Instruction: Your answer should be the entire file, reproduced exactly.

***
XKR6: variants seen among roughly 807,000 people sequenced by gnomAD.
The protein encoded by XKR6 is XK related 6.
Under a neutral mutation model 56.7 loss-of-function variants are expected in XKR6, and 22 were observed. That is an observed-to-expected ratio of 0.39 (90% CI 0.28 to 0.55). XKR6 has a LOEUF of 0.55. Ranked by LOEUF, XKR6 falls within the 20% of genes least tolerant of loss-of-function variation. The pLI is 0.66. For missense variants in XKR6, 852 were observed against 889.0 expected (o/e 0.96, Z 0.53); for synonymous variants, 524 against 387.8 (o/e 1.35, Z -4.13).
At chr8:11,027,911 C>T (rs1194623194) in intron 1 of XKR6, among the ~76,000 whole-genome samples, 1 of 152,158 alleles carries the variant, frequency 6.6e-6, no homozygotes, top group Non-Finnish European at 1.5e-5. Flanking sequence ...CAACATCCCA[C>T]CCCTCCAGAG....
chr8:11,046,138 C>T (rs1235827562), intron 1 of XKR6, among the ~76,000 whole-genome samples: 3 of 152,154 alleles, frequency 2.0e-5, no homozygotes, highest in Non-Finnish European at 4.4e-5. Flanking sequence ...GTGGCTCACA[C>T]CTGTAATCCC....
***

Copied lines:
XKR6: variants seen among roughly 807,000 people sequenced by gnomAD.
The protein encoded by XKR6 is XK related 6.
Under a neutral mutation model 56.7 loss-of-function variants are expected in XKR6, and 22 were observed. That is an observed-to-expected ratio of 0.39 (90% CI 0.28 to 0.55). XKR6 has a LOEUF of 0.55. Ranked by LOEUF, XKR6 falls within the 20% of genes least tolerant of loss-of-function variation. The pLI is 0.66. For missense variants in XKR6, 852 were observed against 889.0 expected (o/e 0.96, Z 0.53); for synonymous variants, 524 against 387.8 (o/e 1.35, Z -4.13).
At chr8:11,027,911 C>T (rs1194623194) in intron 1 of XKR6, among the ~76,000 whole-genome samples, 1 of 152,158 alleles carries the variant, frequency 6.6e-6, no homozygotes, top group Non-Finnish European at 1.5e-5. Flanking sequence ...CAACATCCCA[C>T]CCCTCCAGAG....
chr8:11,046,138 C>T (rs1235827562), intron 1 of XKR6, among the ~76,000 whole-genome samples: 3 of 152,154 alleles, frequency 2.0e-5, no homozygotes, highest in Non-Finnish European at 4.4e-5. Flanking sequence ...GTGGCTCACA[C>T]CTGTAATCCC....